A fungus may trigger Crohn’s disease, a devastating inflammatory bowel disease that often requires heavy-duty drugs, surgery or a combination of both to keep at bay.
For the first time ever, a team of scientists from around the world has identified a fungus as a key factor in the development of Crohn’s disease.
The researchers also linked a new bacterium in the microbiome to the previous bacteria associated with Crohn’s. The hope is that the groundbreaking study, published in the journal mBio, will lead to new treatments and, one day, a cure.
The scientists involved with the study acknowledged that they already know that bacteria, along with genetics and dietary factors, play a major role in the development of Crohn’s disease. But fungus was a missing piece of the puzzle. Specifically, Candida tropicalis.
“Essentially, patients with Crohn’s have abnormal immune responses to these bacteria, which inhabit the intestines of all people. While most researchers focus their investigations on these bacteria, few have examined the role of fungi, which are also present in everyone’s intestines. Our study adds significant new information to understanding why some people develop Crohn’s disease. Equally important, it can result in a new generation of treatments, including medications and probiotics, which hold the potential for making qualitative and quantitative differences in the lives of people suffering from Crohn’s.” — Mahmoud A Ghannoum, PhD, professor and director of the Center for Medical Mycology at Case Western Reserve and University Hospitals Cleveland Medical Center.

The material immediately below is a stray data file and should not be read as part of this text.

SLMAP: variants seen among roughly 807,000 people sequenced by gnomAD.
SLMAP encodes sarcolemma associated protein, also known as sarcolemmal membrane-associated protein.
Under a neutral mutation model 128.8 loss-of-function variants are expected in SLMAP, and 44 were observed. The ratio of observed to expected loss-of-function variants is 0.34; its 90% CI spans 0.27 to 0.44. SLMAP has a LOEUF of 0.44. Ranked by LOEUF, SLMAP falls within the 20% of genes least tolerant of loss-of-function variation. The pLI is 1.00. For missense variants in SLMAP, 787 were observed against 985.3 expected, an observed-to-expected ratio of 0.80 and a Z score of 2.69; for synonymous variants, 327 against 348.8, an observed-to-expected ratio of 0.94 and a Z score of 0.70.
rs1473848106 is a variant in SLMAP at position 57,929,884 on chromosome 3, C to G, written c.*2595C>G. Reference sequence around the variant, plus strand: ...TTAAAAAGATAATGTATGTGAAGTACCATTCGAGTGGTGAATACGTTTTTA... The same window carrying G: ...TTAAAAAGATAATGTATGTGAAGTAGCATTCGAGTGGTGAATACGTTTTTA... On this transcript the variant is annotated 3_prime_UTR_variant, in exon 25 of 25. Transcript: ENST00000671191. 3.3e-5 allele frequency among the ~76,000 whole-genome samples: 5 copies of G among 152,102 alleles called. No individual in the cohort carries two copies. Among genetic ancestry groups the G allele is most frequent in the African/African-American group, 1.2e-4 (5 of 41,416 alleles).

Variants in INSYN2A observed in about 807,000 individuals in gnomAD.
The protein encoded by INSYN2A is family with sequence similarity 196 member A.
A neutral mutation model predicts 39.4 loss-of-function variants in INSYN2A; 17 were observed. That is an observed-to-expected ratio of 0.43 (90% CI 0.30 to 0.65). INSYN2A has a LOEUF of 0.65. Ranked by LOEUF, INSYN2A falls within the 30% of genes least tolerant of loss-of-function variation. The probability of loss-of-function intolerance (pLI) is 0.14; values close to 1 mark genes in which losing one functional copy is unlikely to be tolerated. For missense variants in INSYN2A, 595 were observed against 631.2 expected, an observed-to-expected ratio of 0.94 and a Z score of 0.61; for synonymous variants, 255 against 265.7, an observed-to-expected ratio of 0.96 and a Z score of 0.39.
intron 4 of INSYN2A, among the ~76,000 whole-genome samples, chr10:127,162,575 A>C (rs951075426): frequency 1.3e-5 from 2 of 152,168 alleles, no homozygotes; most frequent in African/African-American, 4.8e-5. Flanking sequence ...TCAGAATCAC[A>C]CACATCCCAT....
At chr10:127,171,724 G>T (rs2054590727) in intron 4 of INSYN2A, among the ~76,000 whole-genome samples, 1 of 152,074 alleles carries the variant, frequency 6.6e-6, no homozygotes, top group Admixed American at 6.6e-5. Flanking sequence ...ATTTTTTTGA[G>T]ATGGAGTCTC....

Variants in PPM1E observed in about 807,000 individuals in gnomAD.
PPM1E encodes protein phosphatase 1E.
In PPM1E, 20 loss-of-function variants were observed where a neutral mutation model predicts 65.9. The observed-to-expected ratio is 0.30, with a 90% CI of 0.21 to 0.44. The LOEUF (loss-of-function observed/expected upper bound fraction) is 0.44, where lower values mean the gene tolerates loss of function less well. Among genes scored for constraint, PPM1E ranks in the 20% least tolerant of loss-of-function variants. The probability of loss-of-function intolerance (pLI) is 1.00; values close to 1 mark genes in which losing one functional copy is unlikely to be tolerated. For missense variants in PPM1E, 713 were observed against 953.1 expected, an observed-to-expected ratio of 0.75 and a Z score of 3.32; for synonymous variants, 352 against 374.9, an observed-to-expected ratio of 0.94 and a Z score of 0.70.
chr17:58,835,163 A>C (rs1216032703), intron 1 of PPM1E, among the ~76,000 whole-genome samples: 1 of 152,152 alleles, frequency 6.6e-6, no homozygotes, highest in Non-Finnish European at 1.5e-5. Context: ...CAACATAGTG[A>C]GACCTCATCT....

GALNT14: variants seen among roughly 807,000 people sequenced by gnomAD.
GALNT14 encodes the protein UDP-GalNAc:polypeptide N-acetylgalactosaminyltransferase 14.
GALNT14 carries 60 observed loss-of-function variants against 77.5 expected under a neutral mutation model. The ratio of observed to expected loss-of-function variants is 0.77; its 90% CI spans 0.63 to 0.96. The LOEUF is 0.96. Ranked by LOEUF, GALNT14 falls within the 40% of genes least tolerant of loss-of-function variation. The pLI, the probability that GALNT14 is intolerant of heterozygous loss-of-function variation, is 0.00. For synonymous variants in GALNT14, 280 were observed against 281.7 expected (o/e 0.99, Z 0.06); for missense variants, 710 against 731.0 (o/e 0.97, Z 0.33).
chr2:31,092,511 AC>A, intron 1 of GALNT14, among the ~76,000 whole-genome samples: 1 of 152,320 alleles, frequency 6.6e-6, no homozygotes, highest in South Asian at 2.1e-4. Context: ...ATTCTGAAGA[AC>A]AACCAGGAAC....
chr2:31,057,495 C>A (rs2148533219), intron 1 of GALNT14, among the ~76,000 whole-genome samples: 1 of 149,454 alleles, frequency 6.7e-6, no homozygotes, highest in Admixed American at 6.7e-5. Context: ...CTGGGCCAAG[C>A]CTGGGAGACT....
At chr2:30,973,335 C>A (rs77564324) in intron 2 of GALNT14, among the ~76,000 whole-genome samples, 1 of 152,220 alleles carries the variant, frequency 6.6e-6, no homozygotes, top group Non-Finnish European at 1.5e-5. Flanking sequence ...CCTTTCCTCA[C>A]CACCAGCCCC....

Bacteria and fungi live inside all of us. But in this study, researchers investigated the microbial that live inside fecal samples of people sick with Crohn’s disease and their healthy relatives. Looking at hundreds of different species living in human intestines, they found a striking finding. A combination of two types of bacteria and the fungus, Candida tropicalis, was strongly linked to the Crohn’s group. The presence of all three in the sick family members was significantly higher compared to healthy relatives, suggesting that the bacteria and fungus interact in the intestines.
And get this. This microbial trio, including the bacteria E. coli and Serratia marcescens and the fungus Candida tropicalis, worked together to form a bridge that connected the microbes and formed a slimy biofilm. This thin layer attaches to the intestines, prompting inflammation and Crohn’s disease symptoms.
This is the first time any fungus has been linked to Crohn’s in humans. It is also the first study to implicate S. marcescens in the Crohn’s-linked bacteriome. Another important finding? People living with Crohn’s disease had much lower levels of healthy bacteria in their intestines. This backs up previous findings.